EU Introduces Supply Chain Due Diligence Obligations for Conflict Minerals
16 June 2017
On 19 May 2017, the European Parliament and Council published Regulation 2017/821 in the Official Journal of the European Union, laying down supply chain due diligence obligations for EU importers of tin, tantalum and tungsten, their ores, and gold which originate from conflict-affected or high-risk areas (the Conflict Minerals Regulation).
The new Regulation aims to prevent gross violations of human rights and violations of international humanitarian law by requiring companies to import the minerals concerned from responsible sources. The law will have an impact on EU importers, including of materials from Hong Kong and mainland China, in certain situations and circumstances.
The Conflict Minerals Regulation establishes an EU system for supply chain due diligence in order to curtail opportunities for armed groups and security forces to trade in tin, tantalum and tungsten, their ores, and gold (commonly referred to as “3TG”). The new law is designed to provide transparency and certainty with regard to supply practices of EU importers, and of smelters and refiners sourcing from conflict-affected and high-risk areas. Such areas are defined under the Conflict Minerals Regulation as “areas in a state of armed conflict or fragile post-conflict as well as areas witnessing weak or non-existent governance and security, such as failed states, and widespread and systematic violations of international law, including human rights abuses”.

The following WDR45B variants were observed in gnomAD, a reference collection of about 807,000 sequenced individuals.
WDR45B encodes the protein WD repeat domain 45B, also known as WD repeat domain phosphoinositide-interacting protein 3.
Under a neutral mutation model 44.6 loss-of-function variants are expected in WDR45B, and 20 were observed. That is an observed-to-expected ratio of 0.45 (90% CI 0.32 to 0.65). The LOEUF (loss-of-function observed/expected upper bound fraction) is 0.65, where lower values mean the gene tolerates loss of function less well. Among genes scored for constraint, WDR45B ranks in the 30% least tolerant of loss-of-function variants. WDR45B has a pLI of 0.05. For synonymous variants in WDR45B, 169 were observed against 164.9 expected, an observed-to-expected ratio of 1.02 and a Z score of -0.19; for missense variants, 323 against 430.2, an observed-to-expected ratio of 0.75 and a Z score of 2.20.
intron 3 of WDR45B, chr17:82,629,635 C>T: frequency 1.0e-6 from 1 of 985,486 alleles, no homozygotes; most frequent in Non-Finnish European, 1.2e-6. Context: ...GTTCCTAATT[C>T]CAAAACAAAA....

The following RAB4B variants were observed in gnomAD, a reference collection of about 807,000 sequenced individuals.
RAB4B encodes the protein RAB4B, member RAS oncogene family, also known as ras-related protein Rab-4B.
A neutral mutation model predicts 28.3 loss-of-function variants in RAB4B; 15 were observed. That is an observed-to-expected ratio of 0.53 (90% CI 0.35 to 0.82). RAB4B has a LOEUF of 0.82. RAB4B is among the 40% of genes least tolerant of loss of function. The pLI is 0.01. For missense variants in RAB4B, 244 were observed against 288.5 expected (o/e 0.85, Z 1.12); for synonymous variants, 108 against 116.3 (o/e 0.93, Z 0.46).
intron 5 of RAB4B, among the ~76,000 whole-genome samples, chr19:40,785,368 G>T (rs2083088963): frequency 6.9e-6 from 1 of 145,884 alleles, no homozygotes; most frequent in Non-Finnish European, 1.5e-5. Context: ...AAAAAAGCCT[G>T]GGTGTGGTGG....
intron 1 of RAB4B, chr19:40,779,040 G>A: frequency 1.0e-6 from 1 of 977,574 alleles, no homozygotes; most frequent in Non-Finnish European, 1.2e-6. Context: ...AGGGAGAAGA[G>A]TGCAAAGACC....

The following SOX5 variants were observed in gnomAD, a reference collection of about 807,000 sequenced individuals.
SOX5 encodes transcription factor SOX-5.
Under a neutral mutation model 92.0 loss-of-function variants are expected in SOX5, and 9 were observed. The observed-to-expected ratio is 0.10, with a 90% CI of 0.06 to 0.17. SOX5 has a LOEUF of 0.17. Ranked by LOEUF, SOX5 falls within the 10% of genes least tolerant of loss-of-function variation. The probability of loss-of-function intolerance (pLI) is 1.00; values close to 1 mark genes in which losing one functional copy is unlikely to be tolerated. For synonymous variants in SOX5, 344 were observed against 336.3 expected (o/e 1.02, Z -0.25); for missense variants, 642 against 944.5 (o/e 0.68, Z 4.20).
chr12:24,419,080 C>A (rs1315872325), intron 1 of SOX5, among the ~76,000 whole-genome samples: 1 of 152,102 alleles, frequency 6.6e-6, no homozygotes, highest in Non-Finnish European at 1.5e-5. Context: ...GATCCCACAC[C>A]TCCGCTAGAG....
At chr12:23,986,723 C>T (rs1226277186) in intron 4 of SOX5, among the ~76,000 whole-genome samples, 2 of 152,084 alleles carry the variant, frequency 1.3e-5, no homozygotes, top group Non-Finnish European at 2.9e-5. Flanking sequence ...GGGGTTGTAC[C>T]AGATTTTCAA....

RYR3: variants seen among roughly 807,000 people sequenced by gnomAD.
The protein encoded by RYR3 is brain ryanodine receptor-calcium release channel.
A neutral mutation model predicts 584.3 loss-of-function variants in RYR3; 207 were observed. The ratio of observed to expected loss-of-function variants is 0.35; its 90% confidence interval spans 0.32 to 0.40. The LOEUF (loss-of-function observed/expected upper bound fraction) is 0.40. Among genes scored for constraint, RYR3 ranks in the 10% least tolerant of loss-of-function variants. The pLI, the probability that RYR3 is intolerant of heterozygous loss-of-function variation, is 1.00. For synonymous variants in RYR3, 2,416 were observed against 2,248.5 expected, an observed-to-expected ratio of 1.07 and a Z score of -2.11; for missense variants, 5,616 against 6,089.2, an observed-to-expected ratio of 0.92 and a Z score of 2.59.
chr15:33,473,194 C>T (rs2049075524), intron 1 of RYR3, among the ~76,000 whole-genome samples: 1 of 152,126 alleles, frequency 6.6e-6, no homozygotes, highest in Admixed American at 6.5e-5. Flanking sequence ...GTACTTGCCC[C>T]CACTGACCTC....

The Democratic Republic of Congo and its neighbouring countries are the most obvious examples. As a matter of fact, mineral production, which accounts for a staggering 24% of gross national product in Africa, is linked with at least 27 armed conflicts within the continent.